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AUTO INDUSTRY EXPECTING HOT-SELLING YEAR

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The auto industry is bullish on 1995. The executives at Ford are predicting total sales of cars and light trucks of more than 16 million units.

New records for sales may well be set.Honda is predicting exports of more than 150,000 units. This will continue Honda as the No. 1 exporter of American-built automobiles. American-built Hondas also are the No. 1 selling import cars in Japan.

Toyota, Nissan, Mazda and Subaru also expect to build the majority of the cars they sell here in their U.S. factories.

BMW's new plant in South Carolina is just starting to crank out product, and by the end of 1995 the company expects the factory to be fully operational.

Auto executives also believe 1995 will see a continuation of the trend toward more truck sales. The primary reason is the popularity of minivans and sport utility vehicles. Both are considered trucks by their manufacturers.

It was only a few years ago that only a few companies built the four-wheel-drive vehicles that we now call the sport utility, and those early versions had little choice of equipment, color or design. But those days are long gone.

General Motors has just introduced its new Chevrolet Blazer and GMC Jimmy. Last year a newly restyled large Subaru went on sale, and soon there will be two in-between sport utility vehicles - the Chevrolet Tahoe and the GMC Yukon.

Each will have a variety of suspension options available.

Ford has made major changes in its popular sport utility vehicle, the Expolorer, and soon will introduce a new version of the Bronco.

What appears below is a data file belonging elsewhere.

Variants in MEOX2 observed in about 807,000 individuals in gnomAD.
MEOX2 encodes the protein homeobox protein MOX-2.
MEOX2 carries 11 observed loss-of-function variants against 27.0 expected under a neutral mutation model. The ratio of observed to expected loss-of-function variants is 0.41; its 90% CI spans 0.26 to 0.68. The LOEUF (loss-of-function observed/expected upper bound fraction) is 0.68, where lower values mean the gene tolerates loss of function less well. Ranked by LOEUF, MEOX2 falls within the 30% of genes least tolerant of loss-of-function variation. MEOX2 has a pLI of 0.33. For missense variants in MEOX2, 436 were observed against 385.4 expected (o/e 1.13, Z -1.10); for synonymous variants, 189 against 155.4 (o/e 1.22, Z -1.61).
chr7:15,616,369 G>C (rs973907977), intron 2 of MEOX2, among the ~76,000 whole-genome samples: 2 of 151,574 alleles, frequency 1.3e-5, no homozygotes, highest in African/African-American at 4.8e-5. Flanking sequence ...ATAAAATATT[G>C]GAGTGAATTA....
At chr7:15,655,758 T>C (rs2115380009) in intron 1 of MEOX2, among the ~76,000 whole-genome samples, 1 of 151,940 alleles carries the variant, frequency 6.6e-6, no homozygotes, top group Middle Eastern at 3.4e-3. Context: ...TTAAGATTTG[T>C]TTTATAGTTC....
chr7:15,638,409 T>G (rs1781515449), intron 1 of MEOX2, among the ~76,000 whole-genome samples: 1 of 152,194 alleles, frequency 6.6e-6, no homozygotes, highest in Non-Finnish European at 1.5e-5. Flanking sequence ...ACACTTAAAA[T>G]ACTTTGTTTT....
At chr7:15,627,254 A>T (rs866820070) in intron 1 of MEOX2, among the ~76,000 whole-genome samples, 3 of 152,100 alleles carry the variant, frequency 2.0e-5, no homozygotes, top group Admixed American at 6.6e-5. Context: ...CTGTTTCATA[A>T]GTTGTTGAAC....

Chrysler continues to offer a wide range of Jeep sport utility models.

Isuzu has been so successful building and selling sport utility vehicles that its passenger cars have taken a back seat. Isuzu shares an assembly plant with Subaru in Indiana and builds, in addition to its own vehicles, a sport utility vehicle for Honda under the Passport name.

Mercedes Benz has begun building a new plant in Alabama that will produce a new generation of sport utility vehicles for sale in the United States as well as for export.

BMW took what some feel is the easy way out by buying another company. Toyota, Nissan and Su-zu-ki are also major producers of sport vehicles.

Chrysler put minivans on the front burner with its Dodge Caravan and Plymouth Voyager, although it's been selling a small van for years.

GM offers its version of a front-wheel drive minivan (Chevrolet Lumina, Pontiac Transport and Oldsmobile Silhouette) and two versions of its four-wheel-drive vehicle (Chevrolet Astro and GMC Safari).

Ford has three minivans, the front-wheel-drive Mercury Villager, front-wheel-drive Ford Windstar and rear-wheel-drive Ford Aerostar.

Honda is introducing its new minivan this month, the Odyssey.

Toyota's Previa and Mazda's PV have sold well, and Chrysler is reported to be putting the finishing touches on its next generation of minivans.

In 1995 you'll also see more cars driving with what appears to be their headlights on. These will be new GMC cars that will have daytime running lights as standard equipment. Cars built for sale in Canada have had daytime running lights for several years now. Safety experts believe they'll prevent accidents.

The running lights aren't as bright as nighttime headlights but make vehicles easier to see.

Now the biggest concern of the automobile manufacturers is how to keep up with demand without hiring too many new employees and building too many new factories.

The losses of the early '80s are still fresh in their minds. They hope to avoid future layoffs and plant closings.